UNHCR’s Grandi joins Ivorian refugees on the last leg of their journey home

Business Affairs

With peace and stability in Cote D’Ivoire, refugee status for Ivorians is coming to an end. The UN High Commissioner for Refugees joined a group returning home from Liberia.

By Cédric Kalonji Mfunyi in Toulepleu, Côte d’Ivoire | 19 June 2022

Blessing Tieu, 18, felt a mixture of excitement and trepidation as she waited with her family and dozens of other Ivorian refugees to board a barge for the short passage across the Cestos River. The crossing would take her from Liberia – where she was born and had lived all her life ­– across to Côte d’Ivoire – a homeland she had never seen.

“I don’t know anything about Côte d’Ivoire,” she admitted. “I worry that not speaking French will make it hard for me to adapt. I hope people will be kind and help me learn to speak my father’s language. That would allow me to continue my studies.”

Blessing’s father Basile, 47, recalled the day in November 2002 when he fled to safety in neighbouring Liberia. “I had to walk for two days across the 47 kilometers that separated my village from the border,” he said. Twenty years on, he is happy to be returning home with his wife, two children and two grandchildren, and is hopeful for the future.

“Over the years I spent in Liberia, I learned several trades, including plumbing, carpentry and masonry. I hope that this knowledge will allow me to rebuild my life and provide a better future for my children,” he said.

Onboard the barge, the excitement level grows and the passengers break into song. A few minutes later, they disembark on the Ivorian side of the river to cries of “welcome back!” and “there’s no place like home!” from tearful friends and relatives who had come to meet them.

Joining them on their short but momentous journey was UN High Commissioner for Refugees, Filippo Grandi. In October 2021, he recommended that asylum countries end refugee status for Ivorians following the peaceful resolution of two decades of civil conflict and instability in Côte d’Ivoire. UNHCR, the UN Refugee Agency, together with seven regional governments, identified long-lasting solutions for all Ivorian refugees.

Grandi disembarked the barge holding the hand of one of the youngest passengers returning home, a little girl whose orange life jacket nearly reached her feet as they walked down the gangway together.

“Accompanying these Ivorians returning home holding the hand of this little girl was a very moving moment,” Grandi said. “I can only wish her a magnificent future in her own country.”

The civil conflicts between 2002 and 2007 and 2011 and 2012 forced some 340,000 Ivorians to flee their country.

Since 2011, some 310,000 Ivorian refugees – ninety-six per cent of those living in West Africa, mainly in neighbouring Liberia and Ghana – have been able to return home following an improvement in the political situation. This includes some 14,000 who have returned since the start of this year with the help of UNHCR.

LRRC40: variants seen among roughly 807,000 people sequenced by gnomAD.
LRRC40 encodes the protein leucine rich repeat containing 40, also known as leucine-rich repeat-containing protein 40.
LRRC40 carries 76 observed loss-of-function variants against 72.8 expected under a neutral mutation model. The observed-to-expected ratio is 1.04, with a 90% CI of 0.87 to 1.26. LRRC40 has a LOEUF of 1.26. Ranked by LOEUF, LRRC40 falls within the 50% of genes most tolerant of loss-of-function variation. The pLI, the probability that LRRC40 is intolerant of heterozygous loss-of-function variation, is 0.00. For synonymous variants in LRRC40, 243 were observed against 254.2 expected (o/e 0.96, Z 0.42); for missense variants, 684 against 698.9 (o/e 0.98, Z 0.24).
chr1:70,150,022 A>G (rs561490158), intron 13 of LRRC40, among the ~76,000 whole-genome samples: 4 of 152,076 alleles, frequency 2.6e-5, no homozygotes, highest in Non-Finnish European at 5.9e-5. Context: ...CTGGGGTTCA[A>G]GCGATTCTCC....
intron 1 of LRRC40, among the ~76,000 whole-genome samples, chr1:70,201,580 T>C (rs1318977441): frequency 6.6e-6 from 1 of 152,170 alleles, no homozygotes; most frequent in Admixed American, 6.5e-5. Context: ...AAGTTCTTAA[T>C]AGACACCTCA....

After disembarking, the new arrivals were taken to a transit centre at Toulepleu, where they could rest and receive cash assistance or medical services ahead of starting the final leg of their journeys back home.

For many, reintegrating in Côte d’Ivoire is not without its challenges, especially when it comes to finding housing, work and navigating various administrative procedures. To smooth the process, UNHCR has put in place a return assistance programme to help former refugees at various stages of their repatriation and reintegration.

Sea Inès Diehi, 50, was grateful for this assistance when she returned to Côte d’Ivoire in 2019 and found that her land had been occupied by other families. She received housing, cash assistance that allowed her to start a small business, and legal assistance that has enabled her to regain possession of her land.

“With a roof over my head, a way to earn a little money, and possession of my land, I can face the future with confidence,” she said.

On the eve of World Refugee Day on 20 June, and with the number of people forced to flee violence and persecution worldwide recently passing an unprecedented 100 million, the High Commissioner said he had chosen to accompany former refugees back to Côte d’Ivoire to send a message of hope for what can be achieved through peace and cooperation.

“There is no greater satisfaction for the UN High Commissioner for Refugees than to see a refugee crisis end because solutions have been found,” he said. “This is proof that durable solutions are possible if countries of origin, civil society, international organizations, as well as host countries work together.”

As Basile and his family prepared for the final leg of their voyage home, he took a moment to express his gratitude for the safety they had found in neighbouring Liberia. “Thank you to our Liberian brothers and sisters who welcomed and supported us all these years.”

Then his thoughts returned to home, and all the possibilities that lie ahead.

“We’re finally here! Now let’s see what the future holds.”

Source: UN High Commissioner for Refugees